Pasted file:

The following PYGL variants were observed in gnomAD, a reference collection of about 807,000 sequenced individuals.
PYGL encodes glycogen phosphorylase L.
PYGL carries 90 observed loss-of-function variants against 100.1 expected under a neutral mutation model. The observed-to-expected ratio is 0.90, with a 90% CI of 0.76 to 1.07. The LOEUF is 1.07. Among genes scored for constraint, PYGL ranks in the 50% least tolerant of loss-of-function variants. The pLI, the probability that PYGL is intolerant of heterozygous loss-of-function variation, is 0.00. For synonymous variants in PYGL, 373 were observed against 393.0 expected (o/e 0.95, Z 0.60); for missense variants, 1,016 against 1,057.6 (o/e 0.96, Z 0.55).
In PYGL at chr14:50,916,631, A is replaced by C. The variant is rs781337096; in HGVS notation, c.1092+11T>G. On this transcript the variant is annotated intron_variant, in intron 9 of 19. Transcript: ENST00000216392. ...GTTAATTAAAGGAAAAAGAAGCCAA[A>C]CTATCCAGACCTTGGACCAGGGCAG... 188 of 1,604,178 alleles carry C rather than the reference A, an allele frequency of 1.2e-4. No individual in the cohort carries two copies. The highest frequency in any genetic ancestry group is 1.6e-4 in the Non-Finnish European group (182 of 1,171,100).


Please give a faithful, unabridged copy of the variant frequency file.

The following PYGL variants were observed in gnomAD, a reference collection of about 807,000 sequenced individuals.
PYGL encodes glycogen phosphorylase L.
PYGL carries 90 observed loss-of-function variants against 100.1 expected under a neutral mutation model. The observed-to-expected ratio is 0.90, with a 90% CI of 0.76 to 1.07. The LOEUF is 1.07. Among genes scored for constraint, PYGL ranks in the 50% least tolerant of loss-of-function variants. The pLI, the probability that PYGL is intolerant of heterozygous loss-of-function variation, is 0.00. For synonymous variants in PYGL, 373 were observed against 393.0 expected (o/e 0.95, Z 0.60); for missense variants, 1,016 against 1,057.6 (o/e 0.96, Z 0.55).
In PYGL at chr14:50,916,631, A is replaced by C. The variant is rs781337096; in HGVS notation, c.1092+11T>G. On this transcript the variant is annotated intron_variant, in intron 9 of 19. Transcript: ENST00000216392. ...GTTAATTAAAGGAAAAAGAAGCCAA[A>C]CTATCCAGACCTTGGACCAGGGCAG... 188 of 1,604,178 alleles carry C rather than the reference A, an allele frequency of 1.2e-4. No individual in the cohort carries two copies. The highest frequency in any genetic ancestry group is 1.6e-4 in the Non-Finnish European group (182 of 1,171,100).